A senior Cabinet minister has defended the proposed tax on NSSF benefits, saying “when we eat, we grow”.
In the latest tax proposal, the government is looking at a TTE and EET tax regime on workers savings, the minister said in what was happening in my mind.
Asked what TTE and EET meant, the minister looked disturbed, tried to consult with her aide but getting no immediate rescue, she dialled the nearest 911 on her tongue and bailed herself with, “just read as pronounced”.
“Otherwise, when we eat, we grow. When we sleep, we…” she trailed off and reminded this reporter that the interview was off the record. “If you quote me in that rubbish column of yours, the next time we meet, I will be in the company of Gen Gwanga,” she warned.
Well, Gwanga is good going up against vehicles. He did in a tractor, deflated a salon car and I hear handled a lorry. But we are not called Empty Tin for nothing (never mind the pun).
Asked to elaborate on “eating and growing” that she had thrown around with relish, the minister rubbed the hem of her skirt, leaving our cameraman bemused.
It was a big sigh when she picked her notebook on the floor and started flipping the pages. She got to the page she was looking for and read from the scripted line.
“Do you know why a hungry baby cries for breast milk?” she asked and rolled her eyes for handclaps. But there was none. We were only four in the room, including her aide and my cameraman. As the applause wasn’t coming, she continued: “Because it’s starving. Similarly, the baby goes quiet and sleeps once it has been breastfed.”
The confidence with which the minister spoke left a bigger impression than her statement. But once in a while sense popped out of her confusion. Like when she explained the need to increase the tax base.
“We should all be proud to pay taxes, but we shouldn’t just pay; we should demand accountability for it,” the minister said and gulped water.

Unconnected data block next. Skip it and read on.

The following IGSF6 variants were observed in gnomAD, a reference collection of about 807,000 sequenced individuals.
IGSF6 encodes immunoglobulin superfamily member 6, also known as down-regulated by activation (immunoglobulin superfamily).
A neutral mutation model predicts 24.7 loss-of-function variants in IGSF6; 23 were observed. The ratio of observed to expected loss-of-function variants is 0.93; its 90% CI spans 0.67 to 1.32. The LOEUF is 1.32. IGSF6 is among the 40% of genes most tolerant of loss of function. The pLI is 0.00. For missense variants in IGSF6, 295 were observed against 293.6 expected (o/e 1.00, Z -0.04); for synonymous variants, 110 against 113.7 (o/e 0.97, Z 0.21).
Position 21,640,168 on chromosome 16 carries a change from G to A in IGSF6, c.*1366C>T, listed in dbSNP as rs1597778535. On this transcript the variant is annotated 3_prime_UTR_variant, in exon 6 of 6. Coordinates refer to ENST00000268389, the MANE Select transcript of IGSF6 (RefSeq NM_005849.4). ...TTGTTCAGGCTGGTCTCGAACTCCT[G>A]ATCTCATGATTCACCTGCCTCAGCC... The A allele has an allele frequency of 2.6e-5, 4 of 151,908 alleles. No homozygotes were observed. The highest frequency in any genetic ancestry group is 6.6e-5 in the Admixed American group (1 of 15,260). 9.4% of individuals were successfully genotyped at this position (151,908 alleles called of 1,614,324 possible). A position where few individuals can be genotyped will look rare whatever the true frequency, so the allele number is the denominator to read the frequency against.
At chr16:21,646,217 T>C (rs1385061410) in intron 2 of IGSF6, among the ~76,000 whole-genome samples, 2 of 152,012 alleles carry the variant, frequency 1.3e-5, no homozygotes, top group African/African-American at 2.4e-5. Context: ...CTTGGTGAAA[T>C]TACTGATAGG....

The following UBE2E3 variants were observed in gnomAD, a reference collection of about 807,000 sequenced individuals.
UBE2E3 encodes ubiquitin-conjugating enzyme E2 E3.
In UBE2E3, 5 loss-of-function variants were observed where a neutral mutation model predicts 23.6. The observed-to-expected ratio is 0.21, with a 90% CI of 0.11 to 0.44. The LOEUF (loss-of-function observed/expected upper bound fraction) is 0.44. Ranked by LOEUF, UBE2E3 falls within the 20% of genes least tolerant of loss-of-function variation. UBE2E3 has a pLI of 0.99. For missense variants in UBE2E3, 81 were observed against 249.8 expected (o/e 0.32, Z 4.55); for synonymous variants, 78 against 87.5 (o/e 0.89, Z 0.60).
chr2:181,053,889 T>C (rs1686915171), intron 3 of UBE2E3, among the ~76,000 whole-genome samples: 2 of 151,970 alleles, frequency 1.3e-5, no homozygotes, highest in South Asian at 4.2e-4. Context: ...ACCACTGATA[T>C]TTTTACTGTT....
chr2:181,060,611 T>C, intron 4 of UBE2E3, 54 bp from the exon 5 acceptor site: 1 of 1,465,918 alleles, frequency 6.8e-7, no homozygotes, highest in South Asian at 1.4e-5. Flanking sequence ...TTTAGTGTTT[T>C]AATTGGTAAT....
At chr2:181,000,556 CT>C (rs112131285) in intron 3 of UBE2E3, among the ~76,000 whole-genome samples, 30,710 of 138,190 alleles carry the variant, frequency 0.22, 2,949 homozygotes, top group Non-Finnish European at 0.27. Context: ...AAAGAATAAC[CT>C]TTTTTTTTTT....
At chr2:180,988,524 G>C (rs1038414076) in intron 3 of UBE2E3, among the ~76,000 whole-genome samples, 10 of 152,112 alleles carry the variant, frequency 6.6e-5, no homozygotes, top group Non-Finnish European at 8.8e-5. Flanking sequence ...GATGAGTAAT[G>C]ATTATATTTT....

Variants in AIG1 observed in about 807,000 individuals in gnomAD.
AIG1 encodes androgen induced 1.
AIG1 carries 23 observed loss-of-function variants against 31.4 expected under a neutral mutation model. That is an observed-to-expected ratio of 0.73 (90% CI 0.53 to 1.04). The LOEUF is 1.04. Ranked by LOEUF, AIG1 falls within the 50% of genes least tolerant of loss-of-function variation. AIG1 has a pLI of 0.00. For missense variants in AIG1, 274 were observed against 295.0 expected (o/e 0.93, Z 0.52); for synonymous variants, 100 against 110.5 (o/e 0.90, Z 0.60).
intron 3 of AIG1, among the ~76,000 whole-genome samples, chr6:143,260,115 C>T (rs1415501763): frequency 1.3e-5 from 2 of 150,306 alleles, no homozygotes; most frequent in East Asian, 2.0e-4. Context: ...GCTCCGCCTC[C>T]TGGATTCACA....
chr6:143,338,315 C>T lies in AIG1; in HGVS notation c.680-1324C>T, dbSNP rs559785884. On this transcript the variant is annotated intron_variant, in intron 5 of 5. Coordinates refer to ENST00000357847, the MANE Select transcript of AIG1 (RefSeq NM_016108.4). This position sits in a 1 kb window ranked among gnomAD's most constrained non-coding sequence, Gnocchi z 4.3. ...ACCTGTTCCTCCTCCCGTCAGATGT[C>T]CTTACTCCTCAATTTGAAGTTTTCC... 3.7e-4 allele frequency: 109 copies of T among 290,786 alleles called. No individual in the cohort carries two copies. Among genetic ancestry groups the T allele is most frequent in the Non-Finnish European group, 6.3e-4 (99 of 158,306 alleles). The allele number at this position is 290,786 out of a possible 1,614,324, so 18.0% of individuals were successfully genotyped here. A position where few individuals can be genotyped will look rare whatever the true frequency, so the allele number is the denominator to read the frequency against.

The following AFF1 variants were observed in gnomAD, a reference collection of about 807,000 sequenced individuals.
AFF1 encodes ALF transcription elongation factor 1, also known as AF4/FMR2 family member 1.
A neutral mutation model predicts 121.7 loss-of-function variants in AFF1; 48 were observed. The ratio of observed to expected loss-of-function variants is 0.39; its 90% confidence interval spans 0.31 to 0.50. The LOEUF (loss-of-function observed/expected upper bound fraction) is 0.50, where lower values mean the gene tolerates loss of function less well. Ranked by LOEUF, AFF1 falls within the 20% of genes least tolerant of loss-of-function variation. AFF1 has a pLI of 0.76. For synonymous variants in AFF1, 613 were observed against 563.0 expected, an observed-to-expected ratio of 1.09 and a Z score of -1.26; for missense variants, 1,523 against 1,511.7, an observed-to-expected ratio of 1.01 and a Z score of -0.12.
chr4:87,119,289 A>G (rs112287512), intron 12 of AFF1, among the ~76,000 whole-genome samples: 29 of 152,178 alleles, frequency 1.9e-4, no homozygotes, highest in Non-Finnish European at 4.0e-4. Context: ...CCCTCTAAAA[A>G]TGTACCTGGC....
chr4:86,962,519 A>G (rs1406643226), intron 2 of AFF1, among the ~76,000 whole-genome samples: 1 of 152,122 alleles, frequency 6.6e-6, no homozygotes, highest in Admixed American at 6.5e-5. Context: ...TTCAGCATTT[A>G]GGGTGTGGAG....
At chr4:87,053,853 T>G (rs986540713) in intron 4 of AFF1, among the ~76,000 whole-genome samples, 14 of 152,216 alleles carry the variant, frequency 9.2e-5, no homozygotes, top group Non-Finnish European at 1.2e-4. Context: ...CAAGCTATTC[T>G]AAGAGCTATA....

She revealed that at the recent Cabinet meeting, there was a proposal to tax viral Makerere University freshman Henry Suubi, citing that the fleeting proposal was brought forth by a minister who said the student was getting so much in benefits without giving back anything.
“We considered taxing Suubi but we didn’t have enough time to debate this as Cabinet,” the minister said.
“I hear even KFC is now giving him free meals, so he will munch chicken thighs alone yet institutions and individuals are also donating. In future, we will find a way to tax such favour and donations.”
Back to NSSF benefits tax, don’t you think the citizens will protest?
“How? Protests have never shifted the source of River Nile to Nebbi, so why should this worry the government? They can protest, we will stand our ground until they get used to reality. We are not doing it for ourselves but for the good of the nation and to ensure its future.”
But they can protest by bringing up another VPN to counter NSSF double taxation, I persisted.
“VPN has failed to stop social media tax. People are paying. Do you want evidence? Go to UCC.”
And the double taxation, first as PAYE and then benefits? I added.
“Do you eat once a day? Even if you do, so what? You eat and still must eat again and again to live. The government is doing the same,” she said.
The interview ended as soon as Empty Tin stopped daydreaming.